The Les Cheneaux Islands Antique Wooden Boat Show is held each year
in Hessel, Michigan.
Hessel is in the beautiful Upper Peninsula and can be reached by car, plane or boat. The Albert Lindberg Airport has a paved 3,700 foot runway. If traveling via highway, take Exit 359 off I-75 and drive east on M-134 just 16 miles.
Some of the country's finest boats call the beautiful
Les Cheneaux Islands home.
Entries arrive each August from as far away as
California and Florida.
Vessels include dinghies, rowboats, canoes, launches, sailboats, utilities, runabouts, large cruisers, racers and classic glass.
“2015 Showcasing The Hackercraft Model”
The 2015 Les Cheneaux Islands Antique Wooden Boat Show will be showcasing the Hacker Craft. John Hacker, a Detroit native, founded the Hacker Boat Company in 1914 and in 1923 moved the company from Detroit to Mt. Clemens, Michigan where in 1925 he partnered with S.D. McCready who became treasurer of the company
Pleasure boats of the 1900 era were all narrow, round bottomed launches which plowed through the water instead of planning over it. John Hacker was an accredited marine designer and his first major task in boat design was to try and solve the problem of “squatting” which occurred with all the canoe-stern shaped powerboats of the 1900’s. He reasoned if his boats were going to go fast, they would have to “plane” rather than plow through the water. As a test craft to prove his new theories, he built one 30’ runabout which pioneered quite a few new innovations. The boat had its prop mounted under the transom as well as its rudder and a strut was used to position the shaft into place. In 1904 he designed “Au Revoir”, the fastest boat of the time. In 1914 Hacker returned to Detroit and founded the Hacker Boat Company. His runabout designs for Gregory’s Belle Isle Boat & Engine Company were soon to bring great success to the firm.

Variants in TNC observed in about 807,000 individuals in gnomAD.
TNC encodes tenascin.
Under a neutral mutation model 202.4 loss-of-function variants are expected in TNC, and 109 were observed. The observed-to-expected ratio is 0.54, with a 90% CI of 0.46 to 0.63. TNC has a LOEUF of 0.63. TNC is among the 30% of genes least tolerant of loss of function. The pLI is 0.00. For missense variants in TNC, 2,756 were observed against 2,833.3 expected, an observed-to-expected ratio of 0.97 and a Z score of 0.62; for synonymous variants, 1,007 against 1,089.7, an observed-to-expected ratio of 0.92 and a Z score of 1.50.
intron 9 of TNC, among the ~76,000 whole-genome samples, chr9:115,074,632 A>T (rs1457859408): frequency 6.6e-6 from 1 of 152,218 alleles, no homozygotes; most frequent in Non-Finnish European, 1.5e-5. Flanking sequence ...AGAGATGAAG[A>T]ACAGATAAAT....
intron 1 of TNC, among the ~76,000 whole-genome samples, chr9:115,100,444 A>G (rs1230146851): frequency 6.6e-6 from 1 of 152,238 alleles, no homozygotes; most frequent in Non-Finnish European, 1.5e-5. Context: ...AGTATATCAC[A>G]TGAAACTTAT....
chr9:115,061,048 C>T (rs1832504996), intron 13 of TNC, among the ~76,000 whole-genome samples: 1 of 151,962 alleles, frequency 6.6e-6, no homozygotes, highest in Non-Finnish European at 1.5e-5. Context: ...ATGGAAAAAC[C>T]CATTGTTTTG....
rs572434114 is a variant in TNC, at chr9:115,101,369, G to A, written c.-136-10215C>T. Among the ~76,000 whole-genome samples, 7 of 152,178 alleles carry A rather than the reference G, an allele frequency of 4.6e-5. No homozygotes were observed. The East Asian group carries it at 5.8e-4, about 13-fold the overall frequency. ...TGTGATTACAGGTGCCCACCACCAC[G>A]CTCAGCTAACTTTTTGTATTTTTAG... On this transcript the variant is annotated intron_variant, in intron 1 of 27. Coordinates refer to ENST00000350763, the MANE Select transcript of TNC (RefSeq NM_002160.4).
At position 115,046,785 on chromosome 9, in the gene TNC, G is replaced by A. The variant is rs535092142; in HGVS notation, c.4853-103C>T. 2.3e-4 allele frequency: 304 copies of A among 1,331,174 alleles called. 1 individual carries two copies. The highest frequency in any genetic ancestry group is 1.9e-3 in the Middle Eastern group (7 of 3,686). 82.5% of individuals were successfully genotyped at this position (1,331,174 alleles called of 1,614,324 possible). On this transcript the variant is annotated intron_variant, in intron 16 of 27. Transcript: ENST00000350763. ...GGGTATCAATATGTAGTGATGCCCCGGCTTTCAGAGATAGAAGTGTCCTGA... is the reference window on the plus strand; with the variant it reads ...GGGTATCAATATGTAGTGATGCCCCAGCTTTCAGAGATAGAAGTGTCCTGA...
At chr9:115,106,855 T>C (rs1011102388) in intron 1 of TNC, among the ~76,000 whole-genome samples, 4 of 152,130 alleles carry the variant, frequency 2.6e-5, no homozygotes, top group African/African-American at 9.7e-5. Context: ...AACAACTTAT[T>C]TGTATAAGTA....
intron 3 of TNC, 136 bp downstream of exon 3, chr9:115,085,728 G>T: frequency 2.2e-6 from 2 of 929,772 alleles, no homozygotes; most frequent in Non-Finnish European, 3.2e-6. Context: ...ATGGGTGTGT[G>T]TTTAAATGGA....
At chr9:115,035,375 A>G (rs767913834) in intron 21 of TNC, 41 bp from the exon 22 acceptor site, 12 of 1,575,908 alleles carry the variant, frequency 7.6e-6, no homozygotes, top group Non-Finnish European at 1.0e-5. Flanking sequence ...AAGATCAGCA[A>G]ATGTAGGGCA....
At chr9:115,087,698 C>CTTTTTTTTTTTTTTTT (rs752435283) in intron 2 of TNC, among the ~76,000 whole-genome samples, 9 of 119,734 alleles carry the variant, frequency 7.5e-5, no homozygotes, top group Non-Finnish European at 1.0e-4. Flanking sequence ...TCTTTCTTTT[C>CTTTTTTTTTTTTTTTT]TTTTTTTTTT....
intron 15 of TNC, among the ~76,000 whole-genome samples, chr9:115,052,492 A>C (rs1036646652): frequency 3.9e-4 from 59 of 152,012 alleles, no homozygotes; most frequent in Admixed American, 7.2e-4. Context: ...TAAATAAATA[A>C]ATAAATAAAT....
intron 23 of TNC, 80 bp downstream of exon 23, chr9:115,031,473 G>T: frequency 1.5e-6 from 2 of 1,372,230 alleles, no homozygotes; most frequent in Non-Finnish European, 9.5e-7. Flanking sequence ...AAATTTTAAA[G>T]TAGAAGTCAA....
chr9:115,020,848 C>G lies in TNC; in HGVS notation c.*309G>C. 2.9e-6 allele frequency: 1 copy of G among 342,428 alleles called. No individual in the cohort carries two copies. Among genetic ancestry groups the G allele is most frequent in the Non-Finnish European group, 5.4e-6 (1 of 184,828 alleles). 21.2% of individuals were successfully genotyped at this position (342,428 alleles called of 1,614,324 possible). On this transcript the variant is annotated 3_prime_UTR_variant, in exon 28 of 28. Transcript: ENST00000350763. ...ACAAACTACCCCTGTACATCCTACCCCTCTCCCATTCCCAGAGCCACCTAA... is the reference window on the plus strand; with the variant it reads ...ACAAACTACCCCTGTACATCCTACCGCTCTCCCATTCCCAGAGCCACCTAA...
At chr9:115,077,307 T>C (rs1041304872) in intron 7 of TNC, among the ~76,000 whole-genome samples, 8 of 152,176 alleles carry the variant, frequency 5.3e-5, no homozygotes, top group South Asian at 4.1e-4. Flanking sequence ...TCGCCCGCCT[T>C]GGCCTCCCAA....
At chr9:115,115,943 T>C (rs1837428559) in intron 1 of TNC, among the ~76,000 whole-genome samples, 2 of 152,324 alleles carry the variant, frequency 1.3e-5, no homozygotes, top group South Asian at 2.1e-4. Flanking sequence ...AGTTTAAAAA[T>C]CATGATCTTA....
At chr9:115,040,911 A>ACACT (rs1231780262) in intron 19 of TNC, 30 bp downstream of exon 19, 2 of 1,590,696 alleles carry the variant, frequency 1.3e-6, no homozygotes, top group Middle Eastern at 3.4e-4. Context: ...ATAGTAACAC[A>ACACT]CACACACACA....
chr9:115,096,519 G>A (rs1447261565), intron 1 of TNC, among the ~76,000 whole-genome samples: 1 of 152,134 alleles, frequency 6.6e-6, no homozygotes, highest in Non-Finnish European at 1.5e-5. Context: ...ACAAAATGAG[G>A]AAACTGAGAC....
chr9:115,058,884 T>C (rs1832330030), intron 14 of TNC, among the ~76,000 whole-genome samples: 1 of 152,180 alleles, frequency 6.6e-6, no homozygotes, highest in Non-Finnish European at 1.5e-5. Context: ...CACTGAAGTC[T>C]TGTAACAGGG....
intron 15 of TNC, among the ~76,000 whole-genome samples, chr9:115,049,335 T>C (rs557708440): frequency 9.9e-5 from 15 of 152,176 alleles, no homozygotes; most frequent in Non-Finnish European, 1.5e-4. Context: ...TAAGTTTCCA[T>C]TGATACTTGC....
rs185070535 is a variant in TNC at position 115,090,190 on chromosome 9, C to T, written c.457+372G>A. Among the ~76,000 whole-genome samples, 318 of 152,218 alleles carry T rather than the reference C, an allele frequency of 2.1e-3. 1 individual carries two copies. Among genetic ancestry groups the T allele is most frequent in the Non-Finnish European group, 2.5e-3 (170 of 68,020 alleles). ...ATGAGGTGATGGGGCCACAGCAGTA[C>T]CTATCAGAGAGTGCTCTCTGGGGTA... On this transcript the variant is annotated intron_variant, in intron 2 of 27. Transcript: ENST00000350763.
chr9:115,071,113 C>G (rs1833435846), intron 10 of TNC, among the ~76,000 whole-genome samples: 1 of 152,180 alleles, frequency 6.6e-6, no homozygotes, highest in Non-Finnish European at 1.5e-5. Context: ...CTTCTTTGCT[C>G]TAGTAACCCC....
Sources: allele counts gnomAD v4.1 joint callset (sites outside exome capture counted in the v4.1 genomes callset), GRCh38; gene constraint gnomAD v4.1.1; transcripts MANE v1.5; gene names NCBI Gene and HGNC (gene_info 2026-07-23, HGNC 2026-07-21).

The “golden years” of the Hacker Craft Boat Company ran from 1930 through 1948 or so. Hacker Crafts were always quality through and through. Only the best Honduras mahogany, leather upholstery and copper riveted and screwed planking were just a few. That is why they are named “the Steinway of Runabouts”. A Hacker Craft in the 1930’s, especially the bigger models, could always be spotted by their long front decks, three-piece sectionalized windshield and lots of shiny chrome.
During the mid 1930’s the Hacker Boat Co. offered a new type of boat called a “utility” runabout. This new “utility” found the motor to be mounted amidships and was enclosed by a motor box.
The rear area of the boat was left open in order to allow for more passenger room and was not decked over. Hacker was a superb designer who made a significant impact on the development and design of pleasure boats built during this era.
Hacker closed in 1957 and production was halted. Hacker Craft produced only about 10,000 custom boats over the course of the company’s existence
Although no longer associated with the Hacker Boat Company, John continued to design boats including patrol boats, air sea rescue boats, race boats, runabouts and cruisers.
His designs have led to many advances that today’s boat owners take for granted.
We will have a special award for these boats; so if you have a Hackercraft, please consider bringing it to Hessel this year. .
Mt. Clemens Public Library, Local History Sketches, 2008
"John Hacker – the designer by Tom Flood, 2008."
The Les Cheneaux Historical Association sponsors the
Antique Wooden Boat Show.
The Les Cheneaux Historical Association sponsors the Antique Wooden Boat Show.
Proceeeds from the event go to maintain and enhance the Historical Museum and the Maritime Museum,
which are located in nearby Cedarville.
Boat Show Registration Form
Click here for Boat Show Registration Form
and Brochure (pdf)